Skip to main content

Risk of ischaemic stroke associated with antiepileptic drugs: a population-based case-control study in Catalonia

Abstract

Background

Cerebrovascular disorders have occurred more frequently in some Central Nervous System (CNS) disorders, such as epilepsy. Some CNS drugs have been associated with increased stroke risk. Our aim was to estimate the risk of ischaemic stroke in patients exposed to antiepileptic drugs (AED).

Methods

Population-based matched case-control study using SIDIAP database, based in electronic health records from primary healthcare from Catalonia, Spain. Cases were those patients with a registered diagnosis of first stroke during 2009–2014. Up to 10 controls were selected for each case and matched by sex, age, and geographic area and without a prior diagnosis of stroke. We considered global drug exposure to AED, past and current exposure and exposure in monotherapy to each AED.

Results

2,865 cases and 19,406 controls were exposed to AED during the study period. Global exposure to levetiracetam [(ORadj3.3, CI95 % 2.8-4.0)], phenytoin [ORadj1.5, CI95 % 1.2–41.9)], and valproic acid [(ORadj 1.3, CI95 % 1.1–1.6)], showed significantly association to ischaemic stroke that was also maintained with current exposure of levetiracetam [ORadj4.1, CI95 % 3.3–5.2)] and valproic acid [ORadj1.4, CI95 % 1.1–1.9)]. Current levetiracetam monotherapy showed a very high risk of ischaemic stroke [(ORadj 5.1, CI95 % 3.7–6.9)].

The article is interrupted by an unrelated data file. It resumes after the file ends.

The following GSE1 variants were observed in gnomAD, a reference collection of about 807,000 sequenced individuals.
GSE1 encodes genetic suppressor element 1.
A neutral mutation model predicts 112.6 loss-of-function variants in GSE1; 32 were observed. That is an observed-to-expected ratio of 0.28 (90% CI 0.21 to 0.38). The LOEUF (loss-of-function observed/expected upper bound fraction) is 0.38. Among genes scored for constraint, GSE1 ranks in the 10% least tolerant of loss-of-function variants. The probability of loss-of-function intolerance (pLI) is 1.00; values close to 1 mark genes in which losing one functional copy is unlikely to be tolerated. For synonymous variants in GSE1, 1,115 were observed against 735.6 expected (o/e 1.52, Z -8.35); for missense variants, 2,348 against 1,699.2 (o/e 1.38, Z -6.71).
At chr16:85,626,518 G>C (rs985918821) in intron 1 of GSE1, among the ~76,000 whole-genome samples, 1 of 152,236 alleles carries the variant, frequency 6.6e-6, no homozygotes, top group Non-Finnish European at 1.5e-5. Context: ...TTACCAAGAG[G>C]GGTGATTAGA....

Conclusions

Drugs used for other conditions than epilepsy (pregabalin, gabapentin) were the most used AED and both did not show a risk. Levetiracetam shows a risk for stroke even when assessed in current monotherapy. The lack of data regarding the link with diagnosis and severity in our study makes it necessary to conduct further studies to confirm or dismiss our results, focussing on levetiracetam.

Peer Review reports

Background

Stroke is the second leading cause of death worldwide [1]. There are four types: ischaemic stroke, primary intracerebral haemorrhage, subarachnoid haemorrhage and undefined, being the ischaemic type the most frequent one (80–85 %) in Caucasian population [2, 3]. Stroke patients are at highest risk of death in the first weeks after the event, and between 20 and 50 % die within the first month depending on type, severity, age, comorbidity and effectiveness of treatment of complications. Those who survive can remain with or without disabilities, such as loss of speech and movement, making strokes the third cause of disability [1]. Over the last decades the total number of age-standardized rates of stroke mortality have decreased meanwhile stroke survivors have made the burden of stroke Disability-Adjusted Life Year (DALY lost) increase [2].